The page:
Under the delinquent FBAR submission procedure, the IRS does not impose a penalty for the failure to file the delinquent FBARs, but does require a statement explaining why the FBARs are being filed late when electronically filing the late FBARs.
Streamlined Filing Compliance Procedures – Foreign and Offshore
The streamlined filing compliance procedures are available to taxpayers that can and do certify that their failure to report foreign financial assets and pay all tax due in respect of those assets did not result from willful conduct.
With the Streamlined Domestic Offshore Procedure, there is a Title 26 miscellaneous offshore penalty equal to 5 percent of the highest aggregate balance/value of the taxpayer’s foreign financial assets during the years in the covered tax return and FBAR period. Even in light of the penalty that potentially can be significant, a major benefit of the FBAR Streamlined Procedures to keep in mind is that the taxpayer will not be subject to accuracy-related penalties with respect to amounts reported on those returns, or to information return penalties or FBAR penalties, unless the examination results in a determination that the original return was fraudulent and/or that the FBAR violation was willful. With a “quiet disclosure”, a taxpayer will be subject to all of these penalties and perhaps more.
Thus, a critical factor when using one of the streamlined disclosure procedures is ensuring that the delinquent FBAR was not as a result of willfulness.
What Is FBAR Willfulness
Willfulness has been defined by courts as “an intentional violation of a known legal duty”. According to the Internal Revenue Manual (IRM), the only thing that a person need know is that they have a reporting requirement. If a person has that requisite knowledge, the only intent needed to constitute a willful violation of the requirement is a conscious choice not to comply. It means you acted with knowledge that your conduct was unlawful and a voluntary, intentional, violation of a known legal duty and there was no compliance – in other words, the FBAR was not filed.
The IRS says it needs to establish that you had knowledge of a duty to file FBARs. If you did, you knew it was illegal not to file one. But if you didn’t know about FBARs, you may not necessarily be off the hook. The failure to learn of filing requirements, known as “willful blindness”, or efforts to conceal the existence of the accounts, may mean a violation is willful. Some courts say willfulness is an intentional effort to disobey the law, but it can also be inferred by conduct. It can mean conduct meant to conceal your accounts. Your conduct is relevant and your patterns can all be factors that suggest willfulness. It can be as simple as foreign banks and advisers advising you about your FBAR filing requirements and that you should comply (and guess what… the last few years many foreign banks have been doing just that by issuing by issuing informal cautionary letters and more formal Declaration of Consent letters).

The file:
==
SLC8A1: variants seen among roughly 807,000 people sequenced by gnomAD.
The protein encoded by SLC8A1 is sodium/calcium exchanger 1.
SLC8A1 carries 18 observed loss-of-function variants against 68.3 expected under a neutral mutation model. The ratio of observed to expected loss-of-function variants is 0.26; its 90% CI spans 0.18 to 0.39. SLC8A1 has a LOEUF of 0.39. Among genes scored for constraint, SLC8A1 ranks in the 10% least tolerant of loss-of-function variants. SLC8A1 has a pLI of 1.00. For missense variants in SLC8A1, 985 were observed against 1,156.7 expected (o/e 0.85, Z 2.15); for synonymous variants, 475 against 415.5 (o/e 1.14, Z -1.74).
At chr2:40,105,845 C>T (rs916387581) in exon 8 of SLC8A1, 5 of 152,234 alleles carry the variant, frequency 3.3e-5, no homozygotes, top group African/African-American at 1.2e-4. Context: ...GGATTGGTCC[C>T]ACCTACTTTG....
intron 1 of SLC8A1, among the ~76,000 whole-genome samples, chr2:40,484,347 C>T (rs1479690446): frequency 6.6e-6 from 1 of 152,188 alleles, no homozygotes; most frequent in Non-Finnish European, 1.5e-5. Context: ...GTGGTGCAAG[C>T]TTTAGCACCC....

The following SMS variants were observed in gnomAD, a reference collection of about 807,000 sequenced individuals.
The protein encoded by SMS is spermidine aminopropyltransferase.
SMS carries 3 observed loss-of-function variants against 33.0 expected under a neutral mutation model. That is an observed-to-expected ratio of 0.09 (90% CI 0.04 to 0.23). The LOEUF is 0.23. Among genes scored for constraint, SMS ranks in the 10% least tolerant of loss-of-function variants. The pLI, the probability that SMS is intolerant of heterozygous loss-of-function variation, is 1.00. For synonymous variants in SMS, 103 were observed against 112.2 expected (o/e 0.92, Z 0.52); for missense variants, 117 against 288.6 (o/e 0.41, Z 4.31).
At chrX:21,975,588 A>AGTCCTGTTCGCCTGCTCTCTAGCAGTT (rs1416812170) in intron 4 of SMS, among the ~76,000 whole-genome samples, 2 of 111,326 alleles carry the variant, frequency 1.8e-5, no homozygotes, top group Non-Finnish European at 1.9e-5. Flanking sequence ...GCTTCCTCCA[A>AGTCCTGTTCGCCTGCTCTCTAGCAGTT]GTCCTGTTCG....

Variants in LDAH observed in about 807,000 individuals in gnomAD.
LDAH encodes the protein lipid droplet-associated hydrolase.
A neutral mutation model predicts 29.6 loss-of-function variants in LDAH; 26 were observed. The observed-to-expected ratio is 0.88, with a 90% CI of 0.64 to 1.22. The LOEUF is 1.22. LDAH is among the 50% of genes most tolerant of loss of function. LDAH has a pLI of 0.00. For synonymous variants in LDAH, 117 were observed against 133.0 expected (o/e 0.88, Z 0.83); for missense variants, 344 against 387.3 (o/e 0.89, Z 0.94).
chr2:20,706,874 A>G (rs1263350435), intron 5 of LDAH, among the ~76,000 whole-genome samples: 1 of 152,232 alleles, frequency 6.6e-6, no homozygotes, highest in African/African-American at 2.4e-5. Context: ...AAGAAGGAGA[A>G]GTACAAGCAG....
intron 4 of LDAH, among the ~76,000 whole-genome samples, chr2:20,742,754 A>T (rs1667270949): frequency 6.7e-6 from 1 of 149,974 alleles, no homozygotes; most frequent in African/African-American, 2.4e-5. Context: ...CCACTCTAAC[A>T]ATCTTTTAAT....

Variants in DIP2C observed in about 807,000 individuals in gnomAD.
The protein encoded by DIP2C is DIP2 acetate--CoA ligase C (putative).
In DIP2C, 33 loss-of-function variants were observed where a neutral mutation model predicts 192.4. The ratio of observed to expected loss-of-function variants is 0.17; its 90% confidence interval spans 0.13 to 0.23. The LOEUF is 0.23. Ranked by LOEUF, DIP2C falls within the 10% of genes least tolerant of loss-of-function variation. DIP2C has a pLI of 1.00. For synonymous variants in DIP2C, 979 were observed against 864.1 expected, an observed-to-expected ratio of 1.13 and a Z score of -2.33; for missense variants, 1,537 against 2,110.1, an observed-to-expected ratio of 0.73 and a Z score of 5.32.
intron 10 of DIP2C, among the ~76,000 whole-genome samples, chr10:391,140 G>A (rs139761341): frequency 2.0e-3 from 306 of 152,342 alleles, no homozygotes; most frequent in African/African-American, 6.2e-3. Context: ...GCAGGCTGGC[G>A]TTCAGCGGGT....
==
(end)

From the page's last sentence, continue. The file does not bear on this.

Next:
It is important to know that a conscious effort to avoid learning about reporting requirements through willful blindness can in effect deem your situation as willful. Thus, be sure to take an honest look and ask yourself if there is a chance that your situation could be considered willful. It there is a chance, even a remote chance, get some advice about your facts with a formal legal review with the experienced partnership of a tax professional and attorney, such as is available from Tax Samaritan.
Offshore Voluntary Disclosure Program (OVDP)
The Offshore Voluntary Disclosure Program offers taxpayers whose failure to report financial assets and undisclosed income was willful, the opportunity to disclose foreign accounts and unreported income rather than risk detection by the IRS and possible criminal prosecution. It provides protection from criminal prosecution, of which the streamlined procedures do not.
Under OVDP, there is an “offshore penalty”, the miscellaneous Title 26 offshore penalty, equal to 27.5 percent (or 50 percent in circumstances where either a foreign financial institution at which the taxpayer has or had an account or a facilitator who helped the taxpayer establish or maintain an offshore arrangement has been publicly identified as being under investigation or as cooperating with a government investigation) of the highest aggregate value of OVDP assets.